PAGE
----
These columns can be found in buildings when open spans require supports for beams or girders. They can be found in commercial structures, stores, industrial occupancies, agricultural buildings, residential buildings, basements, anywhere. They may be covered with an interior finish such as wood, plastic, or fiberglass products to make them more decorative.
I have actually recognized this “column explosion” once before. (Looking back, I may have inadvertently seen it or the end results other times but did not recognize what had taken place.) The other time I witnessed a column explode was at a very similar fire situation. The fire involved a wood structure on a farm. This explosion occurred just as fire companies were arriving on the scene. In that fire, basically the same condition was present-a hollow cylinder-shaped column with short-term fire exposure. In that case, one piece of shrapnel was found about 200 feet away from where the column was originally mounted. That piece of shrapnel, traveling at about 4 1/2 feet off the ground, put a three-inch-diameter hole through a wood garage door of another building.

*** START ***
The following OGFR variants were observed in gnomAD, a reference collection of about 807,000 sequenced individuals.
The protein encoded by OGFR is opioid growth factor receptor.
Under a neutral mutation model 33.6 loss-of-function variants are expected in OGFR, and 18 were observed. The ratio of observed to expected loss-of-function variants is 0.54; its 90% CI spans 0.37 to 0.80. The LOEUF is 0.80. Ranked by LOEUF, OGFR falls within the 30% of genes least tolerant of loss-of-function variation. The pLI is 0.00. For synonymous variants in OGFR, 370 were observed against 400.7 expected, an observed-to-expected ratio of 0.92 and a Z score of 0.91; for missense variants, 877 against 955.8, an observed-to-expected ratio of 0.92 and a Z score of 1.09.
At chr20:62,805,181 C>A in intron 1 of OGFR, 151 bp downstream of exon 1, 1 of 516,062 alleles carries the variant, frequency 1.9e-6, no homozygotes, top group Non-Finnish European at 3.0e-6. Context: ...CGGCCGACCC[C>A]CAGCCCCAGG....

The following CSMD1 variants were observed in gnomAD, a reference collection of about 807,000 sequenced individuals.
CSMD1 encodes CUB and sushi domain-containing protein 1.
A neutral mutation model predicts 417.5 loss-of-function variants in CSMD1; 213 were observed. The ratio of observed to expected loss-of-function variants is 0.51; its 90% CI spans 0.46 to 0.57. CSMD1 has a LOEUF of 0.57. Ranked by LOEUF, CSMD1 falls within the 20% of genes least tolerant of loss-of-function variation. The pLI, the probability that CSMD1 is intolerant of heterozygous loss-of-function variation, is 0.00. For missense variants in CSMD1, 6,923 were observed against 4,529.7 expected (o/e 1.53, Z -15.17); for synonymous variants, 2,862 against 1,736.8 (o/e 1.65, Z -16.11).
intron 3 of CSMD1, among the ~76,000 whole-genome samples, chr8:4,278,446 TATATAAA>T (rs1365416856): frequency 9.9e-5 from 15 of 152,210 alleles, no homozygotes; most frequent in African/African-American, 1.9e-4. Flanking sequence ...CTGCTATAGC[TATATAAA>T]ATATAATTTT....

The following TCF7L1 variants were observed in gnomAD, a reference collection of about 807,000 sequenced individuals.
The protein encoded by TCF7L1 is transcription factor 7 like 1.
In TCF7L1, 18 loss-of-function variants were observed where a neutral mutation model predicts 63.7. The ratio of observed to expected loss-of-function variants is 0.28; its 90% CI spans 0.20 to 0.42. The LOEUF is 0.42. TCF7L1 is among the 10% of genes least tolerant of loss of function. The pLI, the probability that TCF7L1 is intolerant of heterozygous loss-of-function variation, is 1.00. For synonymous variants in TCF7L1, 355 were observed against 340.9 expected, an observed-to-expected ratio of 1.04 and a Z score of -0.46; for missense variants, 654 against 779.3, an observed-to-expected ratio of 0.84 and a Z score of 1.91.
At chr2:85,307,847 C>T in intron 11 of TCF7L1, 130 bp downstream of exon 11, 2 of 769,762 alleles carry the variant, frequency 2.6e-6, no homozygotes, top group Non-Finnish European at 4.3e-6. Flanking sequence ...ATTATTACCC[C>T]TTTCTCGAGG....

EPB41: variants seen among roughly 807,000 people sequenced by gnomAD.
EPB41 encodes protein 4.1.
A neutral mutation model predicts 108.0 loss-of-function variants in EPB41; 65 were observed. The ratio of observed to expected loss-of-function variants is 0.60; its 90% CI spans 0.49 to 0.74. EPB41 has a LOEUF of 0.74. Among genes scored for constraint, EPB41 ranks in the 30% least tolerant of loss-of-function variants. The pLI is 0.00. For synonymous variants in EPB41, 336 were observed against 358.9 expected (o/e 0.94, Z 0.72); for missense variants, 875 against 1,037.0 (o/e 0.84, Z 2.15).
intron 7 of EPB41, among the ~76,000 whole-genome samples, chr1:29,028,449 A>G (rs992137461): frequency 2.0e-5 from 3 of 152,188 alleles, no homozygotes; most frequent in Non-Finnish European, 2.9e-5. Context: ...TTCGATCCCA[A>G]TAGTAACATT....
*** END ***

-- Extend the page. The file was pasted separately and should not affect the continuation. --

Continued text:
Recently, I responded to a smell of something burning in a townhouse. Nothing was obvious on arrival, so during the investigation I inspected the basement for a source of the smell. I did not find the cause until later (next door neighbor’s dinner rolls), but in the basement I did find a welded steel column standing upright alongside the staircase holding up a wood crossbeam that supported the main floor. Was it sealed? Was it hollow? Would it fail as firefighters crawled down the stairs alongside it to fight a basement fire? I don’t know, but I do know enough to Respect the Column!
RONALD MORITZ, a 30-year veteran of the fire service, is a career captain with the Skokie (IL) Fire Department and a paid on-call lieutenant with the Woodstock (IL) Fire Rescue District. He is a certified Illinois fire officer III and has a master’s degree in human resource development from Webster University in St. Louis, Missouri.